December 1997

Special Education

Integration in
Special Education

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Implementing Integration in Special Education

Literature on integration abounds, but it doesn’t often describe how it actually works. Here’s how Mount Hope Public School tackled it.

By Jim Files

In the spring of 1996, the administration at Mount Hope Public School in Mount Hope could see that special education needs outstripped the capability of the existing model — a phenomenon many schools are experiencing. Although the government promised not to cut special education funds, if needs grow and funding fails to keep pace the effect is the same.

The accommodation of children with special education needs continues to perplex educators and administrators. Historically, students with special needs were left on the fringes, but now integration into the mainstream is a concern for all. Proponents argue it increases children’s self-esteem, provides positive role models and exposes children to age-appropriate materials and content.

Mount Hope’s special education needs were quite acute, and sending all the kids with problems off to the learning centre and resource room was no longer an option. The school’s principal, Bob Vardy, and the staff all knew it.

Staff Involved at the Start

Vardy discussed plans at a staff meeting in September 1996. He said the groundwork had to be laid for a new resource model. While this would not be easy, new special education personnel would facilitate the change.

He outlined a model in which only the most needy would be served for about half the day in the learning centre by Carolyn Nidzgorski, the learning centre teacher. The others would be served in the resource room and the regular classroom.

The learning centre would replace classroom programs with remedial work. The resource room would test students and provide programs that parallelled the regular classroom and remedial strategies so that students might cope in the regular classroom. The resource teacher would help students in the resource room and the classroom.

A memo circulated to the staff reiterating that the numbers of students seen in special education would be reduced, but that support would be provided for the most needy. Staff also learned the extent of the problem. A list was circulated of all the students involved in special education in one way or another. When staff saw that almost 25 per cent of the student population was monitored by the special education team, they recognized that some students with special education needs would have to be served in the classrooms.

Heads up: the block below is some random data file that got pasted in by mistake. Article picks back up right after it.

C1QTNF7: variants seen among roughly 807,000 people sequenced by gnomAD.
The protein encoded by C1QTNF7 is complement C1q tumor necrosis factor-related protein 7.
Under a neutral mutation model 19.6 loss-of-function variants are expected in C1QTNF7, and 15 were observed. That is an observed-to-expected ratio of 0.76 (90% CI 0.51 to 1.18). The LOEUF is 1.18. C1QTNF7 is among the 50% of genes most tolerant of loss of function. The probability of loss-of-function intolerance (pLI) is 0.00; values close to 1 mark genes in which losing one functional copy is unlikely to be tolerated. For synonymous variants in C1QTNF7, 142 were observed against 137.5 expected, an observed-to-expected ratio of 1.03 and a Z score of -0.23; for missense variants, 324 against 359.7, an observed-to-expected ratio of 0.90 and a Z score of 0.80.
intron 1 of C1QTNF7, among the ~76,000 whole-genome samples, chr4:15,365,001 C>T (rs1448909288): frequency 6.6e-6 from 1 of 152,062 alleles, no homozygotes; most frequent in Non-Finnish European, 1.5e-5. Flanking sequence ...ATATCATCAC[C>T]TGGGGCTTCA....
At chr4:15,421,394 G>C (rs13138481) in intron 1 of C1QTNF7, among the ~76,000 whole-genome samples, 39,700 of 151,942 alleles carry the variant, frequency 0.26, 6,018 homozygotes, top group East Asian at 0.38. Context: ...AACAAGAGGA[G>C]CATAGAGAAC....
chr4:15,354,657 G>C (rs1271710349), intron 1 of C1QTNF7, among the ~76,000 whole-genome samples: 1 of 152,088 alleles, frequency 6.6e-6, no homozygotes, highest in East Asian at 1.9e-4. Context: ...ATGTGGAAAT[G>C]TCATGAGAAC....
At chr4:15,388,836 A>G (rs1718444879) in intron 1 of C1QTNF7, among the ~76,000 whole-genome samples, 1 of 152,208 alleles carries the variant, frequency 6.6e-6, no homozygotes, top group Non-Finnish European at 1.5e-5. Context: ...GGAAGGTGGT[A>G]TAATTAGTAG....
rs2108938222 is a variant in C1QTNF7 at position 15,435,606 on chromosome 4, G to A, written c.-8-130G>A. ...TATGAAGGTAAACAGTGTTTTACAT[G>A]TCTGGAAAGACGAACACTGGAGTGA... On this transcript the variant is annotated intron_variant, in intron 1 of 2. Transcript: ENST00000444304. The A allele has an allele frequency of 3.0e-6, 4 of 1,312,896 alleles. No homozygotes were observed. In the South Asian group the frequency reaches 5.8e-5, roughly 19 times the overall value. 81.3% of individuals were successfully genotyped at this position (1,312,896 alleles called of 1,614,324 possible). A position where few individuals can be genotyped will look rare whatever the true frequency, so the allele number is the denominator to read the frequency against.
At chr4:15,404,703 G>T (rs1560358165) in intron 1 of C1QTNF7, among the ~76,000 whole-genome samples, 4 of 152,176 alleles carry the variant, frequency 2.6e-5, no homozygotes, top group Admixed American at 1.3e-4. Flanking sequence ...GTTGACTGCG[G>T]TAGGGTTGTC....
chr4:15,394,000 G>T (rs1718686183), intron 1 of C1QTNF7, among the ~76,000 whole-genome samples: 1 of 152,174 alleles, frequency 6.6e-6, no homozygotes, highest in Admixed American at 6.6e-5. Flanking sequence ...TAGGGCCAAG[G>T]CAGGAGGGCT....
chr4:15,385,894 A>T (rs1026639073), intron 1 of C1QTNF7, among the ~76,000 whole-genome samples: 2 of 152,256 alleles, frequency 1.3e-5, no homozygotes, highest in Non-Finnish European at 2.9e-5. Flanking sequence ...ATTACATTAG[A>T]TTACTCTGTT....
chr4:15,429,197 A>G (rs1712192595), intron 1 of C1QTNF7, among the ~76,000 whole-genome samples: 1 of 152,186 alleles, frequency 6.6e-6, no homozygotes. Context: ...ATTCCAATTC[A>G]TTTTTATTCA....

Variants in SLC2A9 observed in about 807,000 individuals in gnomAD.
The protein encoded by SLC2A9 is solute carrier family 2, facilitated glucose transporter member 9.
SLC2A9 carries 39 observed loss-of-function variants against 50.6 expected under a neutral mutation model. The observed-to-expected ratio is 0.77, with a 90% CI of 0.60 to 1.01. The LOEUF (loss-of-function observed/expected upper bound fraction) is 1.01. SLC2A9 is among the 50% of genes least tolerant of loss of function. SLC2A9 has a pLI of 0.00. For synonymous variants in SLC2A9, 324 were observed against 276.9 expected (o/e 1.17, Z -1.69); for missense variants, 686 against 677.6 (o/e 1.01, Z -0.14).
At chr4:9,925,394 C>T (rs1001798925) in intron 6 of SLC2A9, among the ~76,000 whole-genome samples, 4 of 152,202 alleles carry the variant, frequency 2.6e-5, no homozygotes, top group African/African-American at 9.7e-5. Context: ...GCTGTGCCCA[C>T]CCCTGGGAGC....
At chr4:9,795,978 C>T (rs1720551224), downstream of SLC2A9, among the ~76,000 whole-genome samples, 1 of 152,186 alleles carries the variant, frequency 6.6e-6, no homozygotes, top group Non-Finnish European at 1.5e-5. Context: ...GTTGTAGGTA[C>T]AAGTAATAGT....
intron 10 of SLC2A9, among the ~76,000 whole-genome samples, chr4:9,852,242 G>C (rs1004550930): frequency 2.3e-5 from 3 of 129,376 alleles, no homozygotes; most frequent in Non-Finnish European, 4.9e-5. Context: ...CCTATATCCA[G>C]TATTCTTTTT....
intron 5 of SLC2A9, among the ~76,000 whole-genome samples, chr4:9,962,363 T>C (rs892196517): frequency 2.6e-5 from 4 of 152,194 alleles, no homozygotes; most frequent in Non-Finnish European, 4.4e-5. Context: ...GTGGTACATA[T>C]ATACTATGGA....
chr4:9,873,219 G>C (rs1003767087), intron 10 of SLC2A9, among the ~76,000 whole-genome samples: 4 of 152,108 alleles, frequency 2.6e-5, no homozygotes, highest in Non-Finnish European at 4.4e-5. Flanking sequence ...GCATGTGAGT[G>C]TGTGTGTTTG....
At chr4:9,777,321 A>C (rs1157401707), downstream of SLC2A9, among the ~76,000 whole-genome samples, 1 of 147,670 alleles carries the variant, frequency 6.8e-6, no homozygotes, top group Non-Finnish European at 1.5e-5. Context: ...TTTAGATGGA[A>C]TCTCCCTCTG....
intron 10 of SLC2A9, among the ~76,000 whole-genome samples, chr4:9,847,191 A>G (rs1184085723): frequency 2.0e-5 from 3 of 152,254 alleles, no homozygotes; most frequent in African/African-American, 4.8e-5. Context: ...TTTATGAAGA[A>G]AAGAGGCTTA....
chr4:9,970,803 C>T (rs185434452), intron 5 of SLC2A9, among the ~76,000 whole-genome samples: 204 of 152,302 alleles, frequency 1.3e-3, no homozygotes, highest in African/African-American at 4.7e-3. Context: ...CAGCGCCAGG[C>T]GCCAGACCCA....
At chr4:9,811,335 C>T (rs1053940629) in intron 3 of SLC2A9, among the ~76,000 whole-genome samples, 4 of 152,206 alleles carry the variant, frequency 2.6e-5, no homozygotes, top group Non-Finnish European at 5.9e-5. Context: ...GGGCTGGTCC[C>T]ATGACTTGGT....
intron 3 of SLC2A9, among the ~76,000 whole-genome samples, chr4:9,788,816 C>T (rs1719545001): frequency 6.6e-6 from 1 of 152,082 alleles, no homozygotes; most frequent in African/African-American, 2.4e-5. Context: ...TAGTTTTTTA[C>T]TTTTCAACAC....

Although staff were understandably apprehensive about the changes, they appreciated the need for a fresh approach.

Another aspect of the September blitz involved encouraging staff to use special education documentation. In most boards, procedures and paperwork are amassed for children involved in special education and kept in the Ontario Student Record. It is essential that teachers be familiar with the contents of this chronicle.

Studying this information was important preparation for special education team meetings at Mount Hope. These meetings, held twice a week, included the vice-principal and learning centre, resource and classroom teachers. Here, they made critical decisions about the students’ educational needs.

Keeping Parents Informed

A crucial aspect of the restructuring was making sure that parents noticed the changes. The September newsletter told parents that, because of the high number of needy students, the resource room and learning centre could not accommodate all of them. The newsletter assured parents that special education would continue to serve the very needy and provide strategies and support for the students and teachers coping in the classroom.

Then came workshops for teachers, led by resource personnel. These provided a number of indispensable suggestions to teachers for assisting kids in the gritty world of the regular classroom. Teachers were offered a number of metacognitive strategies for reading, as well as a scheme for the organizing paragraphs. This also had the benefit of providing a basis for skills consistent throughout the school.

The portrait would not be complete without mention of the modification checklist for teachers developed at the Wentworth County Board of Education. Under various headings, the list outlined possible classroom modifications.

The checklist also went out to parents with student report cards so that they could see how the school was adapting programs to meet their child’s needs.

For staff, the checklist was no mere chore. It heightened their interest in special education needs by showing how easy it was to modify for students’ needs. The changes included preferred seating, rephrasing questions and extra time for tests and assignments, to name just a few.

In the end, the model gathered enough steam to see it through implementation because of a concerted effort on the part of teachers, students, administration and the community.

The model gave the teachers reasons for change and the means to meet new needs. Most important, it was an open process in which difficulties were weighed and debated. Proposed solutions were shared throughout the model’s development.

Implementing this model was also a testimony to how effectively schools can put plans in the works for themselves and solve problems. The winners, in the end, were the kids.

Jim Files was the resource teacher at Mount Hope when the model was set up. He now teaches Grade 6 at Bell-Stone School, just outside of Hamilton. He can be reached at